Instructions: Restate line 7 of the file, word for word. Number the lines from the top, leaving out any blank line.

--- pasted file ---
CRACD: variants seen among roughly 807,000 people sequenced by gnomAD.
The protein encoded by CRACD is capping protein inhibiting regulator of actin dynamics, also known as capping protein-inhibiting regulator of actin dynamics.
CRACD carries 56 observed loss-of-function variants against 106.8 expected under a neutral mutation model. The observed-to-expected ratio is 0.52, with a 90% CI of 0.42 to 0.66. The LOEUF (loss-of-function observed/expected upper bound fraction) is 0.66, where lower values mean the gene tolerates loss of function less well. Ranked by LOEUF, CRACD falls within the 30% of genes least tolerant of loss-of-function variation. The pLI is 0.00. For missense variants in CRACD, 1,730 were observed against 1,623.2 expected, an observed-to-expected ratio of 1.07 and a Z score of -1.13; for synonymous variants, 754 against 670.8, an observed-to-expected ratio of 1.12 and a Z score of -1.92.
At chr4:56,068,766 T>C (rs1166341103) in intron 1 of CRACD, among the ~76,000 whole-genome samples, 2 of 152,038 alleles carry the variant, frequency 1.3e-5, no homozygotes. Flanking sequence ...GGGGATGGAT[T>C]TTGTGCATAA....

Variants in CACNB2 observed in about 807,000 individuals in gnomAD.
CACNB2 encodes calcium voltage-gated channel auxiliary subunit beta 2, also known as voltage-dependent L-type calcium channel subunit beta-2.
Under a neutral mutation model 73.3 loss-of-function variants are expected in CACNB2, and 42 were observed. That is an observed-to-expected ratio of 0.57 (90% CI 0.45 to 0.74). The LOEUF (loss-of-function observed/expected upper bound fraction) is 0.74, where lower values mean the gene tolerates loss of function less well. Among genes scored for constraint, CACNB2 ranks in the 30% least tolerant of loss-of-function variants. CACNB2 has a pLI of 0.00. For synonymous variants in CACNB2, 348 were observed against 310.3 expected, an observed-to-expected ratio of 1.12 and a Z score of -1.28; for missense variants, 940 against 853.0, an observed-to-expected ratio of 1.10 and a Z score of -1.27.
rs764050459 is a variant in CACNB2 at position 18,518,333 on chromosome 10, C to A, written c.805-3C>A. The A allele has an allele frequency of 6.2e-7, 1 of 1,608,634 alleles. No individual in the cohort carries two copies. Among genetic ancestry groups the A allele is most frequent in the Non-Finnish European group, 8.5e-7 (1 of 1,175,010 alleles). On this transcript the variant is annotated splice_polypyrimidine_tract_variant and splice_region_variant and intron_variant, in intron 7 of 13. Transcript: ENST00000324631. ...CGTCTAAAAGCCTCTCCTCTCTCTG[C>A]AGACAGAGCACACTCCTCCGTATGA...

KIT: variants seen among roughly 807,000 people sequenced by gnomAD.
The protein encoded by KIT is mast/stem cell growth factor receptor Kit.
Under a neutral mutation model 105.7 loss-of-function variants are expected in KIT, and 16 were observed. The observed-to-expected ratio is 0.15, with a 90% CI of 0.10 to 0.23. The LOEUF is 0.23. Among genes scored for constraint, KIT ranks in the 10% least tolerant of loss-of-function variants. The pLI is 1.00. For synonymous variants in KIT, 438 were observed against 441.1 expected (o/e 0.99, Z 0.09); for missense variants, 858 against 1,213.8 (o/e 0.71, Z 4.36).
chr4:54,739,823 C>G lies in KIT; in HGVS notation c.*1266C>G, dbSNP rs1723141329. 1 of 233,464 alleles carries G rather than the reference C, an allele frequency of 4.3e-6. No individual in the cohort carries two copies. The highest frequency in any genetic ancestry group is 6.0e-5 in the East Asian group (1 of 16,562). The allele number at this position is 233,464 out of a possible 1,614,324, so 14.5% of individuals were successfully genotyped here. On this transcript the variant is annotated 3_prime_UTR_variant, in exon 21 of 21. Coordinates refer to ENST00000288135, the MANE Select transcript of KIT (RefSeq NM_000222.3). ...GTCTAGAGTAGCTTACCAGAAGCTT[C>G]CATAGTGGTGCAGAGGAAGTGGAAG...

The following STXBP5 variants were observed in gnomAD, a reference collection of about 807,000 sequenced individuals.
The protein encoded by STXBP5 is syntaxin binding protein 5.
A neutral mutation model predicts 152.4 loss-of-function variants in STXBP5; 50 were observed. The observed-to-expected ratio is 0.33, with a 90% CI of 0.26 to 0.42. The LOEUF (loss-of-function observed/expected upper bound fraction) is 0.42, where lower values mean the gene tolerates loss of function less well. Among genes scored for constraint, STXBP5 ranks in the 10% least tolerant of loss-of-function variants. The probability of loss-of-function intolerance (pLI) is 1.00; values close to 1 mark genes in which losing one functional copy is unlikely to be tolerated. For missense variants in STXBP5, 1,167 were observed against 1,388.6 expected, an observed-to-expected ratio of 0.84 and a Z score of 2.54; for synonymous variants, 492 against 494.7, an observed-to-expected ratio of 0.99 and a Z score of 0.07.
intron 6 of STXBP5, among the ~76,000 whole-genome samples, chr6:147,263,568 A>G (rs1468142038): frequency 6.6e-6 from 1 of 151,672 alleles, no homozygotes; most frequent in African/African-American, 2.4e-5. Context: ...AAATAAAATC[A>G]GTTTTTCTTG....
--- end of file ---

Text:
Under a neutral mutation model 73.3 loss-of-function variants are expected in CACNB2, and 42 were observed. That is an observed-to-expected ratio of 0.57 (90% CI 0.45 to 0.74). The LOEUF (loss-of-function observed/expected upper bound fraction) is 0.74, where lower values mean the gene tolerates loss of function less well. Among genes scored for constraint, CACNB2 ranks in the 30% least tolerant of loss-of-function variants. CACNB2 has a pLI of 0.00. For synonymous variants in CACNB2, 348 were observed against 310.3 expected, an observed-to-expected ratio of 1.12 and a Z score of -1.28; for missense variants, 940 against 853.0, an observed-to-expected ratio of 1.10 and a Z score of -1.27.